Watchworthy Wednesday: Underrepresented Represented in Code.org Courses


At it’s core, connected learning is about educational equity, and Code.org, which runs Hour of Code, is a shining example. The nonprofit organization recently announced the results of a new survey of the young people it serves. And, the news is good: underrepresented minorities make up 48 percent of Code.org’s students in their courses and girls make up 45 percent. Code.org, designs its courses with equity in mind. This month, it released a new free computer science course for 7th- through 9th-graders. Called “CS Discoveries,” the year-long course compliments Code.org’s existing courses, “CS Fundamental” (for primary

Watchworthy Wednesday: Announcing the 2017 DML Schedule


It’s here! The schedule for this year’s Digital Media and Learning Conference has been released. Among the highlights: The keynote address by danah boyd, founder and president of Data & Society, a research institute focused on understanding the role of data-driven technologies in society. She also is a principal researcher at Microsoft Research and a Visiting Professor at ITP at New York University. Her research focuses on the intersection of technology, society and policy. She presently is examining questions related to bias in “big data” and artificial intelligence, how people negotiate privacy and publicity, and the social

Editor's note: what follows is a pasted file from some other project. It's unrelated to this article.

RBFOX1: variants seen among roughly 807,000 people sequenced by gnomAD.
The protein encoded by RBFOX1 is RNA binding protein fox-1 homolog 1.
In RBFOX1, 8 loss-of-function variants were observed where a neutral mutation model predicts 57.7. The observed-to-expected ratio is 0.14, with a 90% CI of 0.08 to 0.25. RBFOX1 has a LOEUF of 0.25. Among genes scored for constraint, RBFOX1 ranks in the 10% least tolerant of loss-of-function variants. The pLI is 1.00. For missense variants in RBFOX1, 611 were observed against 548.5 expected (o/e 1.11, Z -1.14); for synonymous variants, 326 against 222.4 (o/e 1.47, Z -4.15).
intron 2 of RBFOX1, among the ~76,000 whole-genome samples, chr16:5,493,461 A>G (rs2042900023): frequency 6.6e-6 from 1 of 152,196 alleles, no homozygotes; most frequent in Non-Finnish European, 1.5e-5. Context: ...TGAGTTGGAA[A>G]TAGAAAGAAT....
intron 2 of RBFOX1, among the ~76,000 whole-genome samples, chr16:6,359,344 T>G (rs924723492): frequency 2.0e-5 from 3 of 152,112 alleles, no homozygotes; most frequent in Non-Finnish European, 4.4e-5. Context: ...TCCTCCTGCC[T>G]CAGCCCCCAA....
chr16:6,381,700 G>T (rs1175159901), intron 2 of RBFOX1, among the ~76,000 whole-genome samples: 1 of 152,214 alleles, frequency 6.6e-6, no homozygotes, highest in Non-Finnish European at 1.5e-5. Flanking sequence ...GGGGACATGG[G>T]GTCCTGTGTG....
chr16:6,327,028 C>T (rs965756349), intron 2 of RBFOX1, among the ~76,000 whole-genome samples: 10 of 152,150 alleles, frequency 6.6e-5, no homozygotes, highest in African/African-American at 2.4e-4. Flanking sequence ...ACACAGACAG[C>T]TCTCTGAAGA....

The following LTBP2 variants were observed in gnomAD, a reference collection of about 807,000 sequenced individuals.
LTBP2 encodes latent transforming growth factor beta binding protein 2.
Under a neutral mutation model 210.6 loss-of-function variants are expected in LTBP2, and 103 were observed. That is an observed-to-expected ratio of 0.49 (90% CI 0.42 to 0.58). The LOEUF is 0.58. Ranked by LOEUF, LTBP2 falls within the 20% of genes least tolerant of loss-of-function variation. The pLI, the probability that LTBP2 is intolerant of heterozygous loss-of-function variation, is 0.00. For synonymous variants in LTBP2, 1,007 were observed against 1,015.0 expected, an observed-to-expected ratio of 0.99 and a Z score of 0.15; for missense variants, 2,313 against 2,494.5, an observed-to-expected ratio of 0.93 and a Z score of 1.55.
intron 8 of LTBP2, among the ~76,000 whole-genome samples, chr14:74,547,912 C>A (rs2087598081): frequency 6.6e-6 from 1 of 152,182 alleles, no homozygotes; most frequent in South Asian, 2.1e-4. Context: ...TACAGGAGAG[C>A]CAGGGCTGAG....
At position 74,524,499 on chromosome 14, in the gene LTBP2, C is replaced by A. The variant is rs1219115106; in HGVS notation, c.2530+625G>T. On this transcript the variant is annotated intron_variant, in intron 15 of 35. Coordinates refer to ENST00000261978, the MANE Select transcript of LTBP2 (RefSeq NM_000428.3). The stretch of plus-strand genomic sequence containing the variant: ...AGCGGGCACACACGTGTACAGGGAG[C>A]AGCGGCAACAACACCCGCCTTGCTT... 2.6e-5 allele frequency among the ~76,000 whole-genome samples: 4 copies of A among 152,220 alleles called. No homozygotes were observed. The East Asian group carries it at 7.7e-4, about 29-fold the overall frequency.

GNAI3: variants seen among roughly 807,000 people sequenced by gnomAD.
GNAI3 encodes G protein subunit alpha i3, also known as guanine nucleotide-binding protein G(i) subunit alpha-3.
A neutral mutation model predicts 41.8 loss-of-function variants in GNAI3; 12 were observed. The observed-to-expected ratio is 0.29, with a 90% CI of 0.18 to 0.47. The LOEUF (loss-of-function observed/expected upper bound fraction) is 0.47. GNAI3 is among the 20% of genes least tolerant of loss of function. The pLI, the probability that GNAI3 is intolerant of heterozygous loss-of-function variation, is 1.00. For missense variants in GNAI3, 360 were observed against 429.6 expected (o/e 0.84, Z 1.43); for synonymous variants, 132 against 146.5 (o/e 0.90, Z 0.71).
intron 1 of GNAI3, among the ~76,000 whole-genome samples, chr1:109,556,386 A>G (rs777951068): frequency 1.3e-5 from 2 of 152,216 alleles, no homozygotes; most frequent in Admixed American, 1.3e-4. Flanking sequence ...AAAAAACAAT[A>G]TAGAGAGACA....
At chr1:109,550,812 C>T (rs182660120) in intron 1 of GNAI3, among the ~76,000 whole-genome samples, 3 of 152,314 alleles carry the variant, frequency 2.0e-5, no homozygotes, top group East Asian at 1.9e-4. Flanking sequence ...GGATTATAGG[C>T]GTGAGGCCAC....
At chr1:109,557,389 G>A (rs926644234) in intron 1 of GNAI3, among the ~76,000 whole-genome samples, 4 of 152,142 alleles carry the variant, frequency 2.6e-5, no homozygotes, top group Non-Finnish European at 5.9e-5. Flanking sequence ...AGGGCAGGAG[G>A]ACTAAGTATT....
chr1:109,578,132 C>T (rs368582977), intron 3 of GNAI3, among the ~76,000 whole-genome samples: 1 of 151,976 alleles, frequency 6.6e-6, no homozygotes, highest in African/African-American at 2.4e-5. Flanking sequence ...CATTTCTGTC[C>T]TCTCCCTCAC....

Watchworthy Wednesday: Girls Gain Coding Superpower with Wonder Woman


As Wonder Woman continues to dominate the big screen, girls all over the world are watching her on computer screens as they learn a 21st century superpower — coding. “Wonder Woman’s strength is more relevant today than ever, especially in the technology space, since girls are less likely than boys to be encouraged to pursue computer science and only 22 percent of gaming developers are women,” Google Play’s Mathilde Cohen Solal wrote in a blog post. Made with Code, Google’s initiative to champion the next generation of female leaders and inspire them to see coding as a

What Do We Mean When We Talk About 21st Century Learning?


The signifier “21st century” has become ubiquitous in educational policy discourse. A glance at most local, state, and national education plans reveals reference after reference to the need for “21st century schools” focusing on “21st century skills” that prepare “21st century students.” For example, the term appears (quite appropriately) 21 times in the U.S. Department of Education’s National Education Technology Plan. Authors of the Common Core State Standards in Literacy indicated that standards were adopted only when determined “essential for college and career readiness in a 21st century, globally competitive society.” The National Assessment for Education Progress

Watchworthy Wednesday: Listen to Youth to Improve Education


Christopher Emdin, associate professor of science education at Columbia University, Teachers College, opened his keynote address at this year’s SXSWedu (South by Southwest Education) Conference with a little history of the Dinka Tribe of Sudan. Ages ago, he explained, Dinka children suffered from an outbreak of tetanus, which causes “lockjaw,” so they couldn’t open their mouths to eat. As a solution, the tribe decided that tooth extraction would allow the children afflicted by the infectious disease to drink liquids even when their jaw muscles clamped shut. The practice continued, generation after generation, even after the young